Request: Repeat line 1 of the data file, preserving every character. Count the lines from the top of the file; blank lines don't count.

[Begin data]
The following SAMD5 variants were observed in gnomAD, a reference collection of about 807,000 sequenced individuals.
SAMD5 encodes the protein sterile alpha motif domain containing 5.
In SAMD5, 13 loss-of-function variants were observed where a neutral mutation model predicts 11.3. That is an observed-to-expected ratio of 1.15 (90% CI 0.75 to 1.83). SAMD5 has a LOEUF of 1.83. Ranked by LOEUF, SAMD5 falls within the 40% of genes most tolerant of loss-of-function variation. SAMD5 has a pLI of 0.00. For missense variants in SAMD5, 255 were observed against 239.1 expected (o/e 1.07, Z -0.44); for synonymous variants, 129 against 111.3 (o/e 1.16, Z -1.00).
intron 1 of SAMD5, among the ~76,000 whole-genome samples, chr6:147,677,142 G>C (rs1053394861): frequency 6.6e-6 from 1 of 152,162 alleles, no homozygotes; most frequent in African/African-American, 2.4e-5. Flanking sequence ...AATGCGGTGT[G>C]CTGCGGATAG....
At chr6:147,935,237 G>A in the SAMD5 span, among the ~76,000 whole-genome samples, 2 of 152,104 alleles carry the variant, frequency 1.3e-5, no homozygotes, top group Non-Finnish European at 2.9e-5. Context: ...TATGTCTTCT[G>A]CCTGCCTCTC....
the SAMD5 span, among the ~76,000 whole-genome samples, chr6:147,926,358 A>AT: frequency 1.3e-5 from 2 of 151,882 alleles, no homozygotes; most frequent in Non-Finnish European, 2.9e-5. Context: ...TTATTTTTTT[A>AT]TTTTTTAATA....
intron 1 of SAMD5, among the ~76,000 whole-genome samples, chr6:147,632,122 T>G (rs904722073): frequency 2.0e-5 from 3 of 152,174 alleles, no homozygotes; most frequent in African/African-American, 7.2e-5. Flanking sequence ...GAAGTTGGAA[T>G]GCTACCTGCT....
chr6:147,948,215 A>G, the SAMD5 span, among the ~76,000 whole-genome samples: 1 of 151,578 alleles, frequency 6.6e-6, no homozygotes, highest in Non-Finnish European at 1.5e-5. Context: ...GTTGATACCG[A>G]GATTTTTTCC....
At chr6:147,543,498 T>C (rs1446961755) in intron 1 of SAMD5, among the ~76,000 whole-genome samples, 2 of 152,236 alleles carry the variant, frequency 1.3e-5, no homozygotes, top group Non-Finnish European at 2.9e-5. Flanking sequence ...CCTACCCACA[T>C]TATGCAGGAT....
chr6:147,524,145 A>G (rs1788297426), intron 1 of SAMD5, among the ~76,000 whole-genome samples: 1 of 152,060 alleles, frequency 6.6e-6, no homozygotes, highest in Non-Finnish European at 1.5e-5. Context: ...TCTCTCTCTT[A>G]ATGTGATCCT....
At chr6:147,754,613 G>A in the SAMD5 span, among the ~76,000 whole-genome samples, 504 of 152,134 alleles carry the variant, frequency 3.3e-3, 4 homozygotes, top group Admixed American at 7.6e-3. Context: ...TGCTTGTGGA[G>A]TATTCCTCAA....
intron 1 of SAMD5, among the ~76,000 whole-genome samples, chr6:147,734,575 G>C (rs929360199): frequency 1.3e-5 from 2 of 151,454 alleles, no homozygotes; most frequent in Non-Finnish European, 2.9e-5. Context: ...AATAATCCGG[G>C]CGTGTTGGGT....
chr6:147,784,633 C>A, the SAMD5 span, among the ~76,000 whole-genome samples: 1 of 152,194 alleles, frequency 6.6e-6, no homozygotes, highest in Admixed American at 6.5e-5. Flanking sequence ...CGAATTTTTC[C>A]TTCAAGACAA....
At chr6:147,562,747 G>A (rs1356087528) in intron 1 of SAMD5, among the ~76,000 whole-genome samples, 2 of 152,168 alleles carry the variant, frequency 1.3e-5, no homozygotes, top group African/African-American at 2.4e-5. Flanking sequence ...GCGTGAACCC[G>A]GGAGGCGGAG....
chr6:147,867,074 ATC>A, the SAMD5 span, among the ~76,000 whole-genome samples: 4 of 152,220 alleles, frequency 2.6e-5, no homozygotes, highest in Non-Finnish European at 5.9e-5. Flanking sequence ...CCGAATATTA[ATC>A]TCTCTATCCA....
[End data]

The following SAMD5 variants were observed in gnomAD, a reference collection of about 807,000 sequenced individuals.